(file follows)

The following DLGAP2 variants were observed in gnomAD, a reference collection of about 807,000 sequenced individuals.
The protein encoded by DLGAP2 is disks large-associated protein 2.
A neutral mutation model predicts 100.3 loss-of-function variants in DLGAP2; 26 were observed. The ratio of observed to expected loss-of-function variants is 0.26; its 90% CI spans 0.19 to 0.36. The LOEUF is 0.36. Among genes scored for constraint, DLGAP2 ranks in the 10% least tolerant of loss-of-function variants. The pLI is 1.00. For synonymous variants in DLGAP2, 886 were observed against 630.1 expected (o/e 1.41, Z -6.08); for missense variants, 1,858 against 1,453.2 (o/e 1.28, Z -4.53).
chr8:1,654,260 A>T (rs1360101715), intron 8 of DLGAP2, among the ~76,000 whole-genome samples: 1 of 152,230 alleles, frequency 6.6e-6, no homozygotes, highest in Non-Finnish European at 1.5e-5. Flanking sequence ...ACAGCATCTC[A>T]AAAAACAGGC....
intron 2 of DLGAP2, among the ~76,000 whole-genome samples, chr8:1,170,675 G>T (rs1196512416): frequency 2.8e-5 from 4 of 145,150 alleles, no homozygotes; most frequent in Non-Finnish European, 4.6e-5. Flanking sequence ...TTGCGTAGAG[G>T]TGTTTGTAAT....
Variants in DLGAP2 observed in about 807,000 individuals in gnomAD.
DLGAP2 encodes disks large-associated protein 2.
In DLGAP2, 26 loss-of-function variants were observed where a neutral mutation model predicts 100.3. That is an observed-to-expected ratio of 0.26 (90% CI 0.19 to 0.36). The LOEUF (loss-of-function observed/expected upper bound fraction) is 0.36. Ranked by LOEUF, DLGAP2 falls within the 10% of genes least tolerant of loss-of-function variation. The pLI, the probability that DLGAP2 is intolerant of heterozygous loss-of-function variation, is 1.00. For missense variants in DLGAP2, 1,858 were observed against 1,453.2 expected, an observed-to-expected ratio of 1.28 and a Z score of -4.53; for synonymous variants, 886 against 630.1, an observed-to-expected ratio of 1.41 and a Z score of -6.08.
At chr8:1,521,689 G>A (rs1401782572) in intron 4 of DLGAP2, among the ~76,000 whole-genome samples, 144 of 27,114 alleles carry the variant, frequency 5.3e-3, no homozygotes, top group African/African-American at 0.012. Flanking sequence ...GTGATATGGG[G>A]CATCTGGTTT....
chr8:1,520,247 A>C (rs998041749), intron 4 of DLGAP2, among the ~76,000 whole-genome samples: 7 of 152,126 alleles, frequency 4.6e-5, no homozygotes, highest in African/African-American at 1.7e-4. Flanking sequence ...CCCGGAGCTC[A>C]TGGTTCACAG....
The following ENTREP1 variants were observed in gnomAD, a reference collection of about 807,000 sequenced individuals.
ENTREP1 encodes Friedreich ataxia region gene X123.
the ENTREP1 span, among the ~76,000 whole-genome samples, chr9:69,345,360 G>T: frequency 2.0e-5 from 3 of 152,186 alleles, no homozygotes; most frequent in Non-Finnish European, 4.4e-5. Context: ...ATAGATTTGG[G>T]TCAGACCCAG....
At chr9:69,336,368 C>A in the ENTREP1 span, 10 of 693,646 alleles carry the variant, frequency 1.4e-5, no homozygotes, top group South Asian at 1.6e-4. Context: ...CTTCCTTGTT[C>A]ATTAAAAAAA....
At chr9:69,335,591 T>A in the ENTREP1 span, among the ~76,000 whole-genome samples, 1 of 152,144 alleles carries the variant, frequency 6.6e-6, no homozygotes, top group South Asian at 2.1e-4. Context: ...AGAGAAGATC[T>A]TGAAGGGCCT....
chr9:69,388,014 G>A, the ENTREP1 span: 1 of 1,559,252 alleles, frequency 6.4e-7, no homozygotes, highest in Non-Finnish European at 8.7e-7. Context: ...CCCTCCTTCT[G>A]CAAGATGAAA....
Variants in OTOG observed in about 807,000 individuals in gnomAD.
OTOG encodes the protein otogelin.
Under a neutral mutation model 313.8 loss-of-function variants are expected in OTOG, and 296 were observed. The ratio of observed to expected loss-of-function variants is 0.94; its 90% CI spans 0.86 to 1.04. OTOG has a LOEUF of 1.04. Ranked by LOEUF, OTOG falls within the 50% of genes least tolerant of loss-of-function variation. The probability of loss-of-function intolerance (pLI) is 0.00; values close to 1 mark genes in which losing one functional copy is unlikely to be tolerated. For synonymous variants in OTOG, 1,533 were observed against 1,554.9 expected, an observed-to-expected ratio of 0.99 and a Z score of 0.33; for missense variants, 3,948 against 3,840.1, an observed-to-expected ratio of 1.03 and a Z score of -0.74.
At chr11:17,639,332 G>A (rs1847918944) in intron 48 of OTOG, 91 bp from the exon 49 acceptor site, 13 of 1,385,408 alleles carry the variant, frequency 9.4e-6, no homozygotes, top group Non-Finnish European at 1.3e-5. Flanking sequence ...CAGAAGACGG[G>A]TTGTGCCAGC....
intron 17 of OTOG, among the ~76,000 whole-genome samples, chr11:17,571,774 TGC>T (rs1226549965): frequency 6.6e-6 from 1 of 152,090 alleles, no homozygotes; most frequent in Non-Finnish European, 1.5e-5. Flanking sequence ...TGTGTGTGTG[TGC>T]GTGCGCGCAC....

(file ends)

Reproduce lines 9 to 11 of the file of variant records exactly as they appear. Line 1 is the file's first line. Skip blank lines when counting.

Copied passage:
At chr8:1,521,689 G>A (rs1401782572) in intron 4 of DLGAP2, among the ~76,000 whole-genome samples, 144 of 27,114 alleles carry the variant, frequency 5.3e-3, no homozygotes, top group African/African-American at 0.012. Flanking sequence ...GTGATATGGG[G>A]CATCTGGTTT....
chr8:1,520,247 A>C (rs998041749), intron 4 of DLGAP2, among the ~76,000 whole-genome samples: 7 of 152,126 alleles, frequency 4.6e-5, no homozygotes, highest in African/African-American at 1.7e-4. Flanking sequence ...CCCGGAGCTC[A>C]TGGTTCACAG....
The following ENTREP1 variants were observed in gnomAD, a reference collection of about 807,000 sequenced individuals.